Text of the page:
Two letters from Craig O'Donnell

Tuesday, February 13, 2001 11:24 AM

Hi Chuck.

Random Proa Thoughts

Attached are a couple shots of John Harris' proa, Mbuli (he says it's Swahili for "foolish").  Launched last Sunday, 11th. We got in about a 45-minute sail with only one knockover, and that we think could have been prevented. With the help of the chase boats we got 'er righted.  Water was about 38 degrees so we had all sorts of waterproof stuff on.
Brrr. Cold hands but otherwise OK after our dunking.

proa6.jpg (12617 bytes)John said (I didn't see the action as I was too busy falling over) that the sheet he'd selected was too fat for the boom blocks and jammed when he released the sheet when we got a big puff... he was trying to head up and accelerate the boat, the ama lifted, and then the sheet would not release the foresail boom. In theory we should have come back down on releasing the foresail.

We did reach and run and head up successfully and easily, and the shunt, while slow due to inexperience with all the steps to take, was simple enough.

Actually, aside from working out kinks, the boat sails very, very nicely and this is what they call "shakedown cruising". A capsize beats sinking to the continental shelf in your new submarine!

proa1.jpg (21824 bytes)The wingmasts are 99.9 percent sealed - only the halyard block opening at the masthead - and they make great outriggers so the boat floated way high and dry. John was joking that they have more buoyancy than many catamarans but at 24 feet long with a big airfoil section added he's about right. The problem was that we simply weren't sure what the best recovery technique is and two guys leaning backwards while standing on the chine isn't enough. We had the chase boat guys lift the mastheads up while we leaned back and that did it.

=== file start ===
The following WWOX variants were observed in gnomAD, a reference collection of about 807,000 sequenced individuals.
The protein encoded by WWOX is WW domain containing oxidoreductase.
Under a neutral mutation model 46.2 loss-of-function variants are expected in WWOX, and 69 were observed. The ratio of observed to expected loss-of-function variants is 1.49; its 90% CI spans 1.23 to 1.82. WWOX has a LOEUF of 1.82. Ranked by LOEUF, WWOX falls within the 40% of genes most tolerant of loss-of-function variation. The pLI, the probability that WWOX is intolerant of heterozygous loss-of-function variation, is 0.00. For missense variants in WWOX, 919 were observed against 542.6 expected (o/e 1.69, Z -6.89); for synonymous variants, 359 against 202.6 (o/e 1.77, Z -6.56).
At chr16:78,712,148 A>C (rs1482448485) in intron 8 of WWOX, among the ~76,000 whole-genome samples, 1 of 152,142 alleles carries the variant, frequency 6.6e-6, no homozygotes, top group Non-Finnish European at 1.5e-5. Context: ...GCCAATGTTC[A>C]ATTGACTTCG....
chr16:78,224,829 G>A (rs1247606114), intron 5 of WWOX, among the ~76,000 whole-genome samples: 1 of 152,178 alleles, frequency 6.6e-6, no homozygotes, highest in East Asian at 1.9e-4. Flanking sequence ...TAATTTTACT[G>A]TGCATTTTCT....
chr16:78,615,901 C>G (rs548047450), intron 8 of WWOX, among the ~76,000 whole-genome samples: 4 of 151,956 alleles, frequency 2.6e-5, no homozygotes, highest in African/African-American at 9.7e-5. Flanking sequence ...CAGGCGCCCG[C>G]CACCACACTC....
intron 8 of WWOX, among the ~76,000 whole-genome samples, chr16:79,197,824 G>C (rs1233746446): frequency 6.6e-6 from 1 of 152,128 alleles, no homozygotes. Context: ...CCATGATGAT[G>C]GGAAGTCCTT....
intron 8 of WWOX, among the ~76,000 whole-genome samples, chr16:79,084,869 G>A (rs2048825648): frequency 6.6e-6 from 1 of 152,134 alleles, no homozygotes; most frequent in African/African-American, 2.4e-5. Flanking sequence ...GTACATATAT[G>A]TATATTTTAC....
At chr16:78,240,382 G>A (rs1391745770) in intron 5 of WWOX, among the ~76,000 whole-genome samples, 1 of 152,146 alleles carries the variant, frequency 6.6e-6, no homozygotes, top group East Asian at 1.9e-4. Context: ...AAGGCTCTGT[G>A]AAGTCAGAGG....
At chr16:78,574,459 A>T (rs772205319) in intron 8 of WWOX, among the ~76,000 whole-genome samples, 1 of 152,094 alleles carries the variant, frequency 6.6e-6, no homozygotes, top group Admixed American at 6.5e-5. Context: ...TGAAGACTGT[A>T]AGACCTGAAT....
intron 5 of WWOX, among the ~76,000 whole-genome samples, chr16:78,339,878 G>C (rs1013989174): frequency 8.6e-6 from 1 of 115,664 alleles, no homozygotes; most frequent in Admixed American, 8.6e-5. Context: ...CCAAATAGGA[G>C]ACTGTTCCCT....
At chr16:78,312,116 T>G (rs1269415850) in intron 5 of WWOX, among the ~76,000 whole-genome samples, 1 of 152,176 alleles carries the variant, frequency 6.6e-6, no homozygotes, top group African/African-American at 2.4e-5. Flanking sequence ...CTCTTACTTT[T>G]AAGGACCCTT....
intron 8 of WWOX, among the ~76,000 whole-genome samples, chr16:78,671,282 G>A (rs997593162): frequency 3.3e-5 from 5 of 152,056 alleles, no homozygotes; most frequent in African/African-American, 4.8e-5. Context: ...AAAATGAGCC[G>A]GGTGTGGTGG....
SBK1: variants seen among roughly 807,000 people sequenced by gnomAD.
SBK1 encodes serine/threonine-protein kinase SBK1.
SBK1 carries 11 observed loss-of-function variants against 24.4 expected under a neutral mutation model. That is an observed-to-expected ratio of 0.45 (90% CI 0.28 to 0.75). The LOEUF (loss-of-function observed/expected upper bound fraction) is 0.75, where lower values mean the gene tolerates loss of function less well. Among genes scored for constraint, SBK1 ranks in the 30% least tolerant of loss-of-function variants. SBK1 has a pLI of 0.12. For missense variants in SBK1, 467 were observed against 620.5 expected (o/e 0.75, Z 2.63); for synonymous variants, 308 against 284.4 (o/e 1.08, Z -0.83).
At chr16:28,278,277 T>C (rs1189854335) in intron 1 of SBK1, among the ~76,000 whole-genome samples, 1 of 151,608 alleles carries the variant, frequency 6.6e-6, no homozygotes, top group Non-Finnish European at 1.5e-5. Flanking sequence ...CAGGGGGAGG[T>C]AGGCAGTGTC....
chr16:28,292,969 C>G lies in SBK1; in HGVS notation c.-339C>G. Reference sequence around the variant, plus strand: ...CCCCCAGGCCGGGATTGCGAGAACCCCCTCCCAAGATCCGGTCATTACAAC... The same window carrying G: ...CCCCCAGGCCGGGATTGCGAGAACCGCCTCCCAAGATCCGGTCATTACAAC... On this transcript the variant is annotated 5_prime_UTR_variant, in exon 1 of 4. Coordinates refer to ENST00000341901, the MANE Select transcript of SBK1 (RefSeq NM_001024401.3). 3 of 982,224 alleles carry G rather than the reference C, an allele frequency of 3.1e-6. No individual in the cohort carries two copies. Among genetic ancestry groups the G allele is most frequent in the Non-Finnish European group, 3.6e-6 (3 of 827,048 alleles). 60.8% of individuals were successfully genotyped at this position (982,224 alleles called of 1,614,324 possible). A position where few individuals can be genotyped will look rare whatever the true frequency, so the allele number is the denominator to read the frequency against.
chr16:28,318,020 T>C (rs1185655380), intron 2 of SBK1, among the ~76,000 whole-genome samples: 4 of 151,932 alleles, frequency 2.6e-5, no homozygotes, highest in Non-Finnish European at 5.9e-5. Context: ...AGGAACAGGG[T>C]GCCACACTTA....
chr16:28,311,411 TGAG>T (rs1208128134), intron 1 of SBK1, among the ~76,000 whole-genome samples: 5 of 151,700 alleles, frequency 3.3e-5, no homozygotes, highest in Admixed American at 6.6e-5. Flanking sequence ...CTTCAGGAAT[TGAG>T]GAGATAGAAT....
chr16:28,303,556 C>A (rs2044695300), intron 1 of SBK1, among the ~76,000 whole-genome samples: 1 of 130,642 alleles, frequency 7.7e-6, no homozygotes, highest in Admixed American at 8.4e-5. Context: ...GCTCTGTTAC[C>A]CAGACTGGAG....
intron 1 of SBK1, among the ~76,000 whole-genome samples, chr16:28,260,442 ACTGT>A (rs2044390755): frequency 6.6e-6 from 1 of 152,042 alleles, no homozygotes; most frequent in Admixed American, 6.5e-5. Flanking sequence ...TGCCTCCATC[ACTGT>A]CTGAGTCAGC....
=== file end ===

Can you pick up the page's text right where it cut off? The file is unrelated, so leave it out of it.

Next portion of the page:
John has a short list of things to fix, some are probably long-range rather than "fix for the event in March" -- for example we're agreed that the ama is currently a little too much on the minimal side. It doesn't sink, but it's not conducive to a comfortable ride: too low, too wet. There's a "theoretical approach" that seems right and then you discover the practical issues by testing. I guess that's what makes boats fun.

proa2.jpg (14617 bytes)This is a very light boat (two people can pick up the main hull and carry it). Aside from stepping the masts, which are also experimental,the boat goes together easily and the most tedious part is lacing up the trampoline. We're working on that.

I could see a version built from plans with a couple aluminum pipe masts, sealed with plugs so they float, sprit-boomed sails, masts rotating in the tabernacles, being very, very easy to set up and rig - otherwise identical - and very nearly a cartopper boat. The main hull would need a small trailer but only for transport, not for launching.   Everything else goes on cartop racks.

proa3.jpg (18765 bytes)It's probably over-rigged for winter Chesapeake winds, but in a 5kt breeze summertime on the Chesapeake you'll actually go somewhere and that's what the design brief is all about. Our next outing will involve sailing with reefs <chuckle>.